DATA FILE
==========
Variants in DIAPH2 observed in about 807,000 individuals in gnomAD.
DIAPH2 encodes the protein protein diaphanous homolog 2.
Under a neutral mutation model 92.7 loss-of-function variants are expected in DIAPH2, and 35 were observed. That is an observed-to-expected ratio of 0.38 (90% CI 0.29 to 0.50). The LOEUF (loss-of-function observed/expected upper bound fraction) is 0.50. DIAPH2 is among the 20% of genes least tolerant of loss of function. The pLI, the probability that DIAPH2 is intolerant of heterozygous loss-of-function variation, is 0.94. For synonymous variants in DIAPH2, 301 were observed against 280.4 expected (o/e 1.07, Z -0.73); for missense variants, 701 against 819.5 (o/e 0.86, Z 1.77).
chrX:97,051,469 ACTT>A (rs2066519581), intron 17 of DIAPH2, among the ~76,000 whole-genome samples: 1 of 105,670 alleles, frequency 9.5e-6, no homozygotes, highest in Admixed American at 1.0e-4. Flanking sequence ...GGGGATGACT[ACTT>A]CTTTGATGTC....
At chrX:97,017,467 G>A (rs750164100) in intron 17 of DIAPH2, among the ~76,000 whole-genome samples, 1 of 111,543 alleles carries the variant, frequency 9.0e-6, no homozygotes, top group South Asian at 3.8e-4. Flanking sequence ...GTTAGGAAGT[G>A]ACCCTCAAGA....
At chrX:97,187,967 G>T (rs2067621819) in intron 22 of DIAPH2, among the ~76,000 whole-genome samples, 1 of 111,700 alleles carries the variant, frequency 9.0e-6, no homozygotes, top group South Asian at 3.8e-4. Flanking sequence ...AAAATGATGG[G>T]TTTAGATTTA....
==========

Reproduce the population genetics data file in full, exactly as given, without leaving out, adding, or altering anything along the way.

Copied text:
Variants in DIAPH2 observed in about 807,000 individuals in gnomAD.
DIAPH2 encodes the protein protein diaphanous homolog 2.
Under a neutral mutation model 92.7 loss-of-function variants are expected in DIAPH2, and 35 were observed. That is an observed-to-expected ratio of 0.38 (90% CI 0.29 to 0.50). The LOEUF (loss-of-function observed/expected upper bound fraction) is 0.50. DIAPH2 is among the 20% of genes least tolerant of loss of function. The pLI, the probability that DIAPH2 is intolerant of heterozygous loss-of-function variation, is 0.94. For synonymous variants in DIAPH2, 301 were observed against 280.4 expected (o/e 1.07, Z -0.73); for missense variants, 701 against 819.5 (o/e 0.86, Z 1.77).
chrX:97,051,469 ACTT>A (rs2066519581), intron 17 of DIAPH2, among the ~76,000 whole-genome samples: 1 of 105,670 alleles, frequency 9.5e-6, no homozygotes, highest in Admixed American at 1.0e-4. Flanking sequence ...GGGGATGACT[ACTT>A]CTTTGATGTC....
At chrX:97,017,467 G>A (rs750164100) in intron 17 of DIAPH2, among the ~76,000 whole-genome samples, 1 of 111,543 alleles carries the variant, frequency 9.0e-6, no homozygotes, top group South Asian at 3.8e-4. Flanking sequence ...GTTAGGAAGT[G>A]ACCCTCAAGA....
At chrX:97,187,967 G>T (rs2067621819) in intron 22 of DIAPH2, among the ~76,000 whole-genome samples, 1 of 111,700 alleles carries the variant, frequency 9.0e-6, no homozygotes, top group South Asian at 3.8e-4. Flanking sequence ...AAAATGATGG[G>T]TTTAGATTTA....